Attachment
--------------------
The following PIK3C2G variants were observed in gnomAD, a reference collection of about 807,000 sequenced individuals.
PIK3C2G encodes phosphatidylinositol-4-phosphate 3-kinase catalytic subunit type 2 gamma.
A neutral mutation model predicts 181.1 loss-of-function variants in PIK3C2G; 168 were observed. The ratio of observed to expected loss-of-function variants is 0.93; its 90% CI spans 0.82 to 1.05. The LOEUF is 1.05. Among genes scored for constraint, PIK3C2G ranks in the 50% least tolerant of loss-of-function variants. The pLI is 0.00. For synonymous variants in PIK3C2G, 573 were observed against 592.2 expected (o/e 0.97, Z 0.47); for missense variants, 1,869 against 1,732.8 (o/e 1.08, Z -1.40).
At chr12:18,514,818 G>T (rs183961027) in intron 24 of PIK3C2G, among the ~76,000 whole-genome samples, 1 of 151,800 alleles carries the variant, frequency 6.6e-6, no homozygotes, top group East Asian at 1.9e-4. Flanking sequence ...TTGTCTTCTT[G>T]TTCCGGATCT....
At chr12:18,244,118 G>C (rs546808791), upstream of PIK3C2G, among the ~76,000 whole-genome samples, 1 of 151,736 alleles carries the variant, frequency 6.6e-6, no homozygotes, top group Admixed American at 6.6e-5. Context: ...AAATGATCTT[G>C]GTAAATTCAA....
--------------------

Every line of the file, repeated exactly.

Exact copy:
The following PIK3C2G variants were observed in gnomAD, a reference collection of about 807,000 sequenced individuals.
PIK3C2G encodes phosphatidylinositol-4-phosphate 3-kinase catalytic subunit type 2 gamma.
A neutral mutation model predicts 181.1 loss-of-function variants in PIK3C2G; 168 were observed. The ratio of observed to expected loss-of-function variants is 0.93; its 90% CI spans 0.82 to 1.05. The LOEUF is 1.05. Among genes scored for constraint, PIK3C2G ranks in the 50% least tolerant of loss-of-function variants. The pLI is 0.00. For synonymous variants in PIK3C2G, 573 were observed against 592.2 expected (o/e 0.97, Z 0.47); for missense variants, 1,869 against 1,732.8 (o/e 1.08, Z -1.40).
At chr12:18,514,818 G>T (rs183961027) in intron 24 of PIK3C2G, among the ~76,000 whole-genome samples, 1 of 151,800 alleles carries the variant, frequency 6.6e-6, no homozygotes, top group East Asian at 1.9e-4. Flanking sequence ...TTGTCTTCTT[G>T]TTCCGGATCT....
At chr12:18,244,118 G>C (rs546808791), upstream of PIK3C2G, among the ~76,000 whole-genome samples, 1 of 151,736 alleles carries the variant, frequency 6.6e-6, no homozygotes, top group Admixed American at 6.6e-5. Context: ...AAATGATCTT[G>C]GTAAATTCAA....